I’m so excited about this roadmap rabbit hole you’ve shared, and some of the side detours! Because as you mentioned, I don’t often see people doing that. It’s nice to know that at one point that was the dream. It’s gotten derailed, but that just means a machete is necessary for the overgrowth. Or to sneak around in the jungle quietly, hunting for those of like mind.

Have you had luck finding like minds with the Plexus? Thank you again for all your hard work doing this Post of a Gazillion Links. From one depth-range-loggy-spewer to another. Cheers!

Expand full comment

Michael, this is brilliant... although I was online relatively early, I don't remember coming across Justin's site. I do remember similar personal sites from that era, full of links to all kinds of fascinating things, from role-playing games to underground music and mysticism. That early net was quite an influence on my developing psyche!

This is the best thing I've read in quite a while, and the quality of your writing here is on par with something you'd find in The Atlantic or The New Yorker. Kudos!

Expand full comment

...so inspiring...what an awesome read Michael -- had never heard about this guy but what an icon of self expression...good reminder to live life free and see what happens...there can be normal endings for any of us weirdos...

Expand full comment

This essay asks so many interesting questions. I think it's really curious how he was this huge, outsized figure of the early internet but he's now like a living historical figure, not a modern celebrity. You know? It does validate his thesis somewhat. He talks about how important this kind of thing is in the idea of building a personal legacy, whereas we always think about posting on the internet as a means of building fame. And so what's odd is that he was one of the first, most prolific posters and was famous for a time, but the fame didn't last, and now the legacy has. His story seems like upside-down versions of a lot of the lessons that we normally draw from the social media-dominated age of the internet.

Expand full comment

I’ve run smack into my limits wall multiple times. Like the 3 year wall on my car wreck story because I couldn’t figure out how to not throw certain people under the bus and “never wrong a writer, they should have treated you better” only goes so far when you’re talking about already vindictive and violent people. I know a bunch of people got frustrated when I shifted gears from TBI & injury recovery but it was imperative I figure out how to protect the not-so-innocent as the way to protect myself. Besides, naming names was never the point for me. It’s the issues and the stories that are important.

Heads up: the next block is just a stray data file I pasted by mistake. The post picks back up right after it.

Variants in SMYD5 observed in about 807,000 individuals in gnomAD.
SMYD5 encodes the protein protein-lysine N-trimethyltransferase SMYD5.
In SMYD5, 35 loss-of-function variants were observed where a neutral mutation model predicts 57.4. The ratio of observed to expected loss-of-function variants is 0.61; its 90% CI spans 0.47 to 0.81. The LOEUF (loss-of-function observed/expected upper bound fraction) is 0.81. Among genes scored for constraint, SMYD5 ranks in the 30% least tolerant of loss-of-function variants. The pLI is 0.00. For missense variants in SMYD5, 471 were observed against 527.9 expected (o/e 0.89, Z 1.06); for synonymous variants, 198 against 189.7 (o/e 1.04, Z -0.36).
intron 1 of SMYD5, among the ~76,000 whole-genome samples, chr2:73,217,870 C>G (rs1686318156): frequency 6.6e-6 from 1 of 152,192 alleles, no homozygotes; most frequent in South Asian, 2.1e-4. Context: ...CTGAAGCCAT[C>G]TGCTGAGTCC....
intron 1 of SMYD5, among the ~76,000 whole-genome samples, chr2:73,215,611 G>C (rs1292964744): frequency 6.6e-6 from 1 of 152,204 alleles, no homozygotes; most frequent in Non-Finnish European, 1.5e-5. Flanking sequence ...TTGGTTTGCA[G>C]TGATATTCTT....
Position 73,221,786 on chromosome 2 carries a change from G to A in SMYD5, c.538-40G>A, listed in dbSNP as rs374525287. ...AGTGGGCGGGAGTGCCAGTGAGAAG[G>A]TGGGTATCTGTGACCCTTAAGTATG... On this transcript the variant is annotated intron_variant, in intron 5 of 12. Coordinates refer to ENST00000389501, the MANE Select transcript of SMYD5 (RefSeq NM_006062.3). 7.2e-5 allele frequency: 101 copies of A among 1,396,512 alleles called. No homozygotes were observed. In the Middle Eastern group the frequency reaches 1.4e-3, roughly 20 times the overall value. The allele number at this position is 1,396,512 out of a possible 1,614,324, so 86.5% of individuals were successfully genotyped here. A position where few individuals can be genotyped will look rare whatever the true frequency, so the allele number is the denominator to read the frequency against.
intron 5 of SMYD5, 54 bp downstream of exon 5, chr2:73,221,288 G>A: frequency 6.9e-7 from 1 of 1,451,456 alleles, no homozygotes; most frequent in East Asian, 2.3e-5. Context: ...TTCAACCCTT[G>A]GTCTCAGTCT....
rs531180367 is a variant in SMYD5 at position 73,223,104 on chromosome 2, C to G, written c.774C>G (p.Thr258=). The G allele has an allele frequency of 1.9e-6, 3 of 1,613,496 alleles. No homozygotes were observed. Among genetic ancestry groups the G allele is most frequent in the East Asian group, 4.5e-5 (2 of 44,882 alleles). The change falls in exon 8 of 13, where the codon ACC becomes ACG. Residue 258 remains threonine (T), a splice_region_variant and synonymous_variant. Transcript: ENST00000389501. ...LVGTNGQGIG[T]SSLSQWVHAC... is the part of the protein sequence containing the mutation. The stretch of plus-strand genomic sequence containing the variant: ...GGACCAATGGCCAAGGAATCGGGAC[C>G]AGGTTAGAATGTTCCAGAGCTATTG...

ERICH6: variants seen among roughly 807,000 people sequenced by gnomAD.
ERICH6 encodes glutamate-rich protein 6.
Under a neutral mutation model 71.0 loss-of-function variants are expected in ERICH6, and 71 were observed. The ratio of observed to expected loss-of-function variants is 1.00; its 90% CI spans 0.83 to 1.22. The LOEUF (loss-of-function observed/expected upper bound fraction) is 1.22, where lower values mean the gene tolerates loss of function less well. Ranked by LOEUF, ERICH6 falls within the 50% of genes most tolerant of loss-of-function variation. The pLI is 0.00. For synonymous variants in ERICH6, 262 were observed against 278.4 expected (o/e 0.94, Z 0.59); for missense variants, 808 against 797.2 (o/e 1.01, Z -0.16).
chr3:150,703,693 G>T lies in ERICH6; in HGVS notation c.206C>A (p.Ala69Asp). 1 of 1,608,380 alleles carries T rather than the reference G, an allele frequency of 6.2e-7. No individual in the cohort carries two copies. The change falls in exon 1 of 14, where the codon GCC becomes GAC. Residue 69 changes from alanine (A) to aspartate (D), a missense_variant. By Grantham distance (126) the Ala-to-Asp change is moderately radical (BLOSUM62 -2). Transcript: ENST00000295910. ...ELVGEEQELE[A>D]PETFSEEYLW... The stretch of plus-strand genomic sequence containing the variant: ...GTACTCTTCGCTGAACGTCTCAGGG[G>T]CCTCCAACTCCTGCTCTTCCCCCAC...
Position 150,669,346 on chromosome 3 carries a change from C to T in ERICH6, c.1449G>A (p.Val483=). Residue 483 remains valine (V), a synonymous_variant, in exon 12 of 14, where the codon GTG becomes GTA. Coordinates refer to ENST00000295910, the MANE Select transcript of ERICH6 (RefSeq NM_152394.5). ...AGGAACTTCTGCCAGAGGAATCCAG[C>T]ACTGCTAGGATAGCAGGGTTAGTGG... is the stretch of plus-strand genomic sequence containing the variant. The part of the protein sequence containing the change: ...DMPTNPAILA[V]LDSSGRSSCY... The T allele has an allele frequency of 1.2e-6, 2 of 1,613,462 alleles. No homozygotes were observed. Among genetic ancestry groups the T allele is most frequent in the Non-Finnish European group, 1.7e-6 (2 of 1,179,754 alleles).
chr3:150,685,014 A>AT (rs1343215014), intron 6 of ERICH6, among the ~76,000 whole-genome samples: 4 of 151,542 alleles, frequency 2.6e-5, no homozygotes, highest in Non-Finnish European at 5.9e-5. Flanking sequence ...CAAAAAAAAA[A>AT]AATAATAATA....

Now you have me curious of your implications. 🤔 Email me if you want to talk shop.

See, I loved your tiers!! It’s one of the reasons why this post is bookmarked because I’m trying to figure this out too. Privacy is absolutely another reason for them. Alas. With my B&B stack, the very readers I am exposing my nekkid self for, there are main demographics for whom even $5 a month is routinely beyond. Namely TBI & disability land. And for anybody being held financially hostage in an abuse situation. And those who have just escaped one. And...and... giving all of those really touchy topics for free has been my Pay It Forward measure.

But I desperately need an income. But writers should be paid. But privacy. But plagiarizers stealing my stuff. But plagiarizers using Bot to steal my stuff even faster. But...Bot. 😳 Dude, I hadn’t even thought of that one! Making a mini-me-bot if I put it all out there. My foil hat points and says, “Yes! That’s totally something Bot would do!” (Bot being Terminator’s great-great-great grandma, who was only born 5.2 months earlier because Bot doesn’t take 9 months to give birth to its next gen.)

(Looks anxiously over my cyber-shoulder, knowing Bot’s Brother is watching. Chews cyber-lip.)

It really has become a conundrum, and Bot changes many games. Thanks so much for this discussion! I think I don’t get how to drive Plexus yet. But I’m having fun plinking around and saying, “Huh. What’s this do?” Very excited about where it could go!! After 50 years of feeling like an alien speaking “meep meep mop bop” I’m curious if I would even care if it wound up being advanced Bot agents with whom I connect most... now there’s a Bladerunner rabbit hole of musing. 🤔🧐🤖

Expand full comment

“Imagine if all your relatives had web pages, all their relatives, even their dead relatives, telling stories from before you were born.”

That you could only access by the proper DNA strand, and stayed locked down and encrypted with a deadman switch triggered by the reading of your Will

Expand full comment